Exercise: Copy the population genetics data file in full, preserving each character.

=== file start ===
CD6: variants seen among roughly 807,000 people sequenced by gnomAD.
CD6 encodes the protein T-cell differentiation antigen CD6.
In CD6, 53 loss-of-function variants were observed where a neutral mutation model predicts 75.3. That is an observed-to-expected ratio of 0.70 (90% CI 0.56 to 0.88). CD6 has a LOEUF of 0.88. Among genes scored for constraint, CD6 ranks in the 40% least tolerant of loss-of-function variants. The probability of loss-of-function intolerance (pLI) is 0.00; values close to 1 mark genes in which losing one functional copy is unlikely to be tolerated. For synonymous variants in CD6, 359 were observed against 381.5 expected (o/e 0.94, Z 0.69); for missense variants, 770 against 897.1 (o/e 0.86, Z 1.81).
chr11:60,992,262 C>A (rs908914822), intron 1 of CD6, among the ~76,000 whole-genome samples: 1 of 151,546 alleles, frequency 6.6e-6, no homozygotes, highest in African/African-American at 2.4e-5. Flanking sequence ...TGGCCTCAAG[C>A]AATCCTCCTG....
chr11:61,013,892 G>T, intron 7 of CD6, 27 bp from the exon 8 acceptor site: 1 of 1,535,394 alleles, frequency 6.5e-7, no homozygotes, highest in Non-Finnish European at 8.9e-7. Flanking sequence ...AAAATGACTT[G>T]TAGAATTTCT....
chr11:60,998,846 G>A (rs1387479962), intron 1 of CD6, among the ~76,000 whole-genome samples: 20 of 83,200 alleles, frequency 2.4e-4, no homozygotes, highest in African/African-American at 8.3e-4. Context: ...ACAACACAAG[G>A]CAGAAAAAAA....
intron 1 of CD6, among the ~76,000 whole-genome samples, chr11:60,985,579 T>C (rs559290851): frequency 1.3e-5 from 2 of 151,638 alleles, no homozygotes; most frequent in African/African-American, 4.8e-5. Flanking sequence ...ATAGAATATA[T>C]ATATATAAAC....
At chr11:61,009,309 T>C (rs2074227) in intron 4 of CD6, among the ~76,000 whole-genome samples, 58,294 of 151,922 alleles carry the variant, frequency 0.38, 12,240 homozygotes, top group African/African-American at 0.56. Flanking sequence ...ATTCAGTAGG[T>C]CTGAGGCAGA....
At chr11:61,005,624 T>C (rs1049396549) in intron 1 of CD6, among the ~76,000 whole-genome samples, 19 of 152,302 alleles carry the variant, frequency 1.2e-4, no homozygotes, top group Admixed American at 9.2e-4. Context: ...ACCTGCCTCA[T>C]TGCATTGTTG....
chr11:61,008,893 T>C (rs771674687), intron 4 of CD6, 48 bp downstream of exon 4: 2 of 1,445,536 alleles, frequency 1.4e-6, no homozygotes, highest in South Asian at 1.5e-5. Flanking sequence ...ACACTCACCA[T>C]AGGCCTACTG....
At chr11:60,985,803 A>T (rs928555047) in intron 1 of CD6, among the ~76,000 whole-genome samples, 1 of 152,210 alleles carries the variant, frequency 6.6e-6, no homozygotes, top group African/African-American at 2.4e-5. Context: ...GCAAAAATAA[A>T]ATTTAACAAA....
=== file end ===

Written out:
CD6: variants seen among roughly 807,000 people sequenced by gnomAD.
CD6 encodes the protein T-cell differentiation antigen CD6.
In CD6, 53 loss-of-function variants were observed where a neutral mutation model predicts 75.3. That is an observed-to-expected ratio of 0.70 (90% CI 0.56 to 0.88). CD6 has a LOEUF of 0.88. Among genes scored for constraint, CD6 ranks in the 40% least tolerant of loss-of-function variants. The probability of loss-of-function intolerance (pLI) is 0.00; values close to 1 mark genes in which losing one functional copy is unlikely to be tolerated. For synonymous variants in CD6, 359 were observed against 381.5 expected (o/e 0.94, Z 0.69); for missense variants, 770 against 897.1 (o/e 0.86, Z 1.81).
chr11:60,992,262 C>A (rs908914822), intron 1 of CD6, among the ~76,000 whole-genome samples: 1 of 151,546 alleles, frequency 6.6e-6, no homozygotes, highest in African/African-American at 2.4e-5. Flanking sequence ...TGGCCTCAAG[C>A]AATCCTCCTG....
chr11:61,013,892 G>T, intron 7 of CD6, 27 bp from the exon 8 acceptor site: 1 of 1,535,394 alleles, frequency 6.5e-7, no homozygotes, highest in Non-Finnish European at 8.9e-7. Flanking sequence ...AAAATGACTT[G>T]TAGAATTTCT....
chr11:60,998,846 G>A (rs1387479962), intron 1 of CD6, among the ~76,000 whole-genome samples: 20 of 83,200 alleles, frequency 2.4e-4, no homozygotes, highest in African/African-American at 8.3e-4. Context: ...ACAACACAAG[G>A]CAGAAAAAAA....
intron 1 of CD6, among the ~76,000 whole-genome samples, chr11:60,985,579 T>C (rs559290851): frequency 1.3e-5 from 2 of 151,638 alleles, no homozygotes; most frequent in African/African-American, 4.8e-5. Flanking sequence ...ATAGAATATA[T>C]ATATATAAAC....
At chr11:61,009,309 T>C (rs2074227) in intron 4 of CD6, among the ~76,000 whole-genome samples, 58,294 of 151,922 alleles carry the variant, frequency 0.38, 12,240 homozygotes, top group African/African-American at 0.56. Flanking sequence ...ATTCAGTAGG[T>C]CTGAGGCAGA....
At chr11:61,005,624 T>C (rs1049396549) in intron 1 of CD6, among the ~76,000 whole-genome samples, 19 of 152,302 alleles carry the variant, frequency 1.2e-4, no homozygotes, top group Admixed American at 9.2e-4. Context: ...ACCTGCCTCA[T>C]TGCATTGTTG....
chr11:61,008,893 T>C (rs771674687), intron 4 of CD6, 48 bp downstream of exon 4: 2 of 1,445,536 alleles, frequency 1.4e-6, no homozygotes, highest in South Asian at 1.5e-5. Flanking sequence ...ACACTCACCA[T>C]AGGCCTACTG....
At chr11:60,985,803 A>T (rs928555047) in intron 1 of CD6, among the ~76,000 whole-genome samples, 1 of 152,210 alleles carries the variant, frequency 6.6e-6, no homozygotes, top group African/African-American at 2.4e-5. Context: ...GCAAAAATAA[A>T]ATTTAACAAA....